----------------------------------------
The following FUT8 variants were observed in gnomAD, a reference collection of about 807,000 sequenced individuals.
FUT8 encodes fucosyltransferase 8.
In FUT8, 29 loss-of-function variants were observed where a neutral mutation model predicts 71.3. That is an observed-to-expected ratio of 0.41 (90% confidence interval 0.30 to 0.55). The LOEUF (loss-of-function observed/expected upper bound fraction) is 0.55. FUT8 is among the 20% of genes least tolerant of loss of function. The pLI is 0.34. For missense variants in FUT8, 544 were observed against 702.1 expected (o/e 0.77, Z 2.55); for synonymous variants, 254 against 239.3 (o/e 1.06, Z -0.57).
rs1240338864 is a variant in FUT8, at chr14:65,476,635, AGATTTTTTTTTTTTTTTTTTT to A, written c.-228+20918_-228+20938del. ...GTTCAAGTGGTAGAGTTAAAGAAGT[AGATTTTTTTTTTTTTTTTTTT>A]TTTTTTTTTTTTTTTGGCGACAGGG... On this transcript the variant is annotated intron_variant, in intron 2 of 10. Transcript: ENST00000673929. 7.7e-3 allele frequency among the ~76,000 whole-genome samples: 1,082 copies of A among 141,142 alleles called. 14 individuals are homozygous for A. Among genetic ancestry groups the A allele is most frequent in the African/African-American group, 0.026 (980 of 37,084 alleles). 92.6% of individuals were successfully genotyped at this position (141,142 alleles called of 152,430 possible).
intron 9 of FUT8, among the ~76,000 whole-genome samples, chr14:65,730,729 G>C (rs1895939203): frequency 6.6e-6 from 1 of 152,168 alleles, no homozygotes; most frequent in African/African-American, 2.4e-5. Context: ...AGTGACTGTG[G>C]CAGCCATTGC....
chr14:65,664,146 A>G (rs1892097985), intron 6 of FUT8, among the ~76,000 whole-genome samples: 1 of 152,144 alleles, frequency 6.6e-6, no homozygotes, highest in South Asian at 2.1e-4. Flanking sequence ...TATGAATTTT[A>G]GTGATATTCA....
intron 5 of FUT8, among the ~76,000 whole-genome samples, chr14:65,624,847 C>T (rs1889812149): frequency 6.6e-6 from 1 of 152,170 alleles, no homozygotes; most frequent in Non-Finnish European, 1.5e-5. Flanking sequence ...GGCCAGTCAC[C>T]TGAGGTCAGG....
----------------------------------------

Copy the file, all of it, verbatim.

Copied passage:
The following FUT8 variants were observed in gnomAD, a reference collection of about 807,000 sequenced individuals.
FUT8 encodes fucosyltransferase 8.
In FUT8, 29 loss-of-function variants were observed where a neutral mutation model predicts 71.3. That is an observed-to-expected ratio of 0.41 (90% confidence interval 0.30 to 0.55). The LOEUF (loss-of-function observed/expected upper bound fraction) is 0.55. FUT8 is among the 20% of genes least tolerant of loss of function. The pLI is 0.34. For missense variants in FUT8, 544 were observed against 702.1 expected (o/e 0.77, Z 2.55); for synonymous variants, 254 against 239.3 (o/e 1.06, Z -0.57).
rs1240338864 is a variant in FUT8, at chr14:65,476,635, AGATTTTTTTTTTTTTTTTTTT to A, written c.-228+20918_-228+20938del. ...GTTCAAGTGGTAGAGTTAAAGAAGT[AGATTTTTTTTTTTTTTTTTTT>A]TTTTTTTTTTTTTTTGGCGACAGGG... On this transcript the variant is annotated intron_variant, in intron 2 of 10. Transcript: ENST00000673929. 7.7e-3 allele frequency among the ~76,000 whole-genome samples: 1,082 copies of A among 141,142 alleles called. 14 individuals are homozygous for A. Among genetic ancestry groups the A allele is most frequent in the African/African-American group, 0.026 (980 of 37,084 alleles). 92.6% of individuals were successfully genotyped at this position (141,142 alleles called of 152,430 possible).
intron 9 of FUT8, among the ~76,000 whole-genome samples, chr14:65,730,729 G>C (rs1895939203): frequency 6.6e-6 from 1 of 152,168 alleles, no homozygotes; most frequent in African/African-American, 2.4e-5. Context: ...AGTGACTGTG[G>C]CAGCCATTGC....
chr14:65,664,146 A>G (rs1892097985), intron 6 of FUT8, among the ~76,000 whole-genome samples: 1 of 152,144 alleles, frequency 6.6e-6, no homozygotes, highest in South Asian at 2.1e-4. Flanking sequence ...TATGAATTTT[A>G]GTGATATTCA....
intron 5 of FUT8, among the ~76,000 whole-genome samples, chr14:65,624,847 C>T (rs1889812149): frequency 6.6e-6 from 1 of 152,170 alleles, no homozygotes; most frequent in Non-Finnish European, 1.5e-5. Flanking sequence ...GGCCAGTCAC[C>T]TGAGGTCAGG....